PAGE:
It’s late in the day as I post this, but today is the International Day Against DRM!Authors Against DRM

So what’s DRM? It stands for “digital rights management,” and refers to technology that forces users to have a license in order to play a movie, read an e-book, or run a computer program. Big companies claim that DRM prevents “piracy.”

The truth is that DRM is not only about piracy. It’s about control. DRM is used to:

  • prevent you lending e-books, computer games, and digital movies to your friends (which is perfectly legal to do for a paper book or DRM-free game)
  • prevent you from selling your used e-book, movie, or game when you’re done with it
  • ensure that media you buy for one device, such as a Kindle, won’t be usable on a competitor’s device, like a Nook
  • track your reading and viewing habits for sale to marketers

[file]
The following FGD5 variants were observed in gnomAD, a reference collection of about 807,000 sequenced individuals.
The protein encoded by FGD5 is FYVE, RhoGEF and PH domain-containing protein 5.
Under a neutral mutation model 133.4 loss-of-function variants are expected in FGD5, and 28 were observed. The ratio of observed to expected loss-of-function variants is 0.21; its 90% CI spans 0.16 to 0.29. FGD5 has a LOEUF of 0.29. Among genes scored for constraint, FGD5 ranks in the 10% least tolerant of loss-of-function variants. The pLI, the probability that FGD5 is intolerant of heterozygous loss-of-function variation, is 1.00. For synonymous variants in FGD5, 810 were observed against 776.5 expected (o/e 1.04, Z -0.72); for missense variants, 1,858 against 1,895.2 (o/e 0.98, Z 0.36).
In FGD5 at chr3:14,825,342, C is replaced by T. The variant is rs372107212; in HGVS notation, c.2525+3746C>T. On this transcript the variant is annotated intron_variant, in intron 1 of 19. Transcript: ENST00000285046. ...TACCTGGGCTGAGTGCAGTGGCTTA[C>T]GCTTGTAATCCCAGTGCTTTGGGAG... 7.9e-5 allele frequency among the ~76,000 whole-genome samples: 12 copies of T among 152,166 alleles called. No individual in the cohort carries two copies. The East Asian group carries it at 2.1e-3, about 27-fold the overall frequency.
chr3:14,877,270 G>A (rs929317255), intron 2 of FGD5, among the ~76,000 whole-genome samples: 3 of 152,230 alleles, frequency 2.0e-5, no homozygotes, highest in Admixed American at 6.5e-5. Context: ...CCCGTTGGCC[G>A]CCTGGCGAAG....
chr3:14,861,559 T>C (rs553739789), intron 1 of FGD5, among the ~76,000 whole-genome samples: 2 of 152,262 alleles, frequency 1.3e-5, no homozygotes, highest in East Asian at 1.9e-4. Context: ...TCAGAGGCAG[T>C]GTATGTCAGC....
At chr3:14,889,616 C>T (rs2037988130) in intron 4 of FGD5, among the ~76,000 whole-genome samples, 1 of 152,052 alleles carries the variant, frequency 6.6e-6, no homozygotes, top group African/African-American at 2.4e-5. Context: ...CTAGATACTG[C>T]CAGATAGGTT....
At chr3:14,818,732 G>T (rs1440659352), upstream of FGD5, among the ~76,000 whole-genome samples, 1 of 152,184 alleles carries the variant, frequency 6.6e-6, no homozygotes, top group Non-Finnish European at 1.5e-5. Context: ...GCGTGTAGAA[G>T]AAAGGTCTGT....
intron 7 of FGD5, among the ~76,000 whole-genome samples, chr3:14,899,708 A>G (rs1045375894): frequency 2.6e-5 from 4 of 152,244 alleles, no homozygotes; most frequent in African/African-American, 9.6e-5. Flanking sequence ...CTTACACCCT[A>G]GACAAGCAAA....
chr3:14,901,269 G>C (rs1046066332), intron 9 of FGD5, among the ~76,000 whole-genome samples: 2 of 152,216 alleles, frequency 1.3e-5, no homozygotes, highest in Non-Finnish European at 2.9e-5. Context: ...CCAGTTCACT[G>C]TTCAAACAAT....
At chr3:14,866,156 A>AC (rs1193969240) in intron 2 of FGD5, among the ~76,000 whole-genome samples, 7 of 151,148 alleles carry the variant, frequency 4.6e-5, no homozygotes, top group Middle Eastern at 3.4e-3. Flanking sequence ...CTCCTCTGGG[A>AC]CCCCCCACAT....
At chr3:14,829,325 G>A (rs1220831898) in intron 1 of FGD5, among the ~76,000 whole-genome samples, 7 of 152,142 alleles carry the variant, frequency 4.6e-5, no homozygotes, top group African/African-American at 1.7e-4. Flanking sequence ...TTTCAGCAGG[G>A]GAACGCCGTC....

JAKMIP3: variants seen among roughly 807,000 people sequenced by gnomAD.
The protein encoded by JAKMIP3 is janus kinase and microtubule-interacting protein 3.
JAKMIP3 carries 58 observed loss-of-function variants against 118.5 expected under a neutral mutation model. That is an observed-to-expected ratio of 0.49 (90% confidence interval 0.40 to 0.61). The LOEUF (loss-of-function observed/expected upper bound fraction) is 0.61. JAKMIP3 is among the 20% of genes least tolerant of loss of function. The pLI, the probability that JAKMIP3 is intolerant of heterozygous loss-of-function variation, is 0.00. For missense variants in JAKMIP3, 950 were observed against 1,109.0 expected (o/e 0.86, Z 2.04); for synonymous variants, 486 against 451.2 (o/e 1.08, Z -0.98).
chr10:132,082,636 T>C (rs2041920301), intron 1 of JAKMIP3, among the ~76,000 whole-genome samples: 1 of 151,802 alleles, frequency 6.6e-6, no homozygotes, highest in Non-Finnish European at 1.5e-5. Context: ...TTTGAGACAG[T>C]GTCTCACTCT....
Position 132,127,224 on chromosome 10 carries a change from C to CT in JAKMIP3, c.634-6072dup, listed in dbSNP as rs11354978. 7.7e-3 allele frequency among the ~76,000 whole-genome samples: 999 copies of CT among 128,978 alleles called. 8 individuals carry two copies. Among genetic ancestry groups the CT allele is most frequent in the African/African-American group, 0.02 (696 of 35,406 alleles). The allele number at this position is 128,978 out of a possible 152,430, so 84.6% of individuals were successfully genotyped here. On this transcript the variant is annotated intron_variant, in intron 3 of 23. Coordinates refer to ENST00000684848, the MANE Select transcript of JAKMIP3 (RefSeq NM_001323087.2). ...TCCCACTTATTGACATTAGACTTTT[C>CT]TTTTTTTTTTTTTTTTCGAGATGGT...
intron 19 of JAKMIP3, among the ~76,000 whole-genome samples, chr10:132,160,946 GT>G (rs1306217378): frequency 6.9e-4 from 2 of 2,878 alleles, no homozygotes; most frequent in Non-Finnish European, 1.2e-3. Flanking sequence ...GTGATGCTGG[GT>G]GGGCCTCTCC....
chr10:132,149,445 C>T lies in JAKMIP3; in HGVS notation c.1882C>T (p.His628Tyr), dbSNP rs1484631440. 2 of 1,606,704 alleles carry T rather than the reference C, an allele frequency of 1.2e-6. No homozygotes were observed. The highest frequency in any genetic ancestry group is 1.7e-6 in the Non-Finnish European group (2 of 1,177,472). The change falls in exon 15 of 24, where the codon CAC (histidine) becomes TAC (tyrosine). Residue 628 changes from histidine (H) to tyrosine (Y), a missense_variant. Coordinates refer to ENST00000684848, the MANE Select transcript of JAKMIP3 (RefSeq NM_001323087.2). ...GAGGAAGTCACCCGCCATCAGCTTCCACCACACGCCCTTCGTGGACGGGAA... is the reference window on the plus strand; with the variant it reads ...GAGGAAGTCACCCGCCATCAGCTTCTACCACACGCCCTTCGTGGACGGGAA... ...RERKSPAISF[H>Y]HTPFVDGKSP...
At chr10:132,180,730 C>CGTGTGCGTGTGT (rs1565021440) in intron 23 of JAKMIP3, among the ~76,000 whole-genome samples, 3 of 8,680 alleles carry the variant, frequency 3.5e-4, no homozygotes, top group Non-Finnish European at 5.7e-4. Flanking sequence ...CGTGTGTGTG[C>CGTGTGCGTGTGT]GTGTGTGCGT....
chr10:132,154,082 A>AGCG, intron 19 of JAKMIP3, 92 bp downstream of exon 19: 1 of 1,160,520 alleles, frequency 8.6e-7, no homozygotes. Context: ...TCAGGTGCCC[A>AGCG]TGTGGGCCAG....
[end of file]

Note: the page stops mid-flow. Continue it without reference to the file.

• in some cases, stop you from using content you’ve paid for
  • in some cases, erase books you’ve bought and paid for from your device

As Cory Doctorow put it,

No one woke up this morning and thought, “gee, I wish there was a way I could do less with my music, maybe someone’s offering that product today.”

He explains DRM better than I can.

So if DRM sounds like something you’d be better off without, please join me in supporting the International Day Against DRM. You can learn more about anti-DRM campaigns from Defective By Design and the Electronic Frontier Foundation.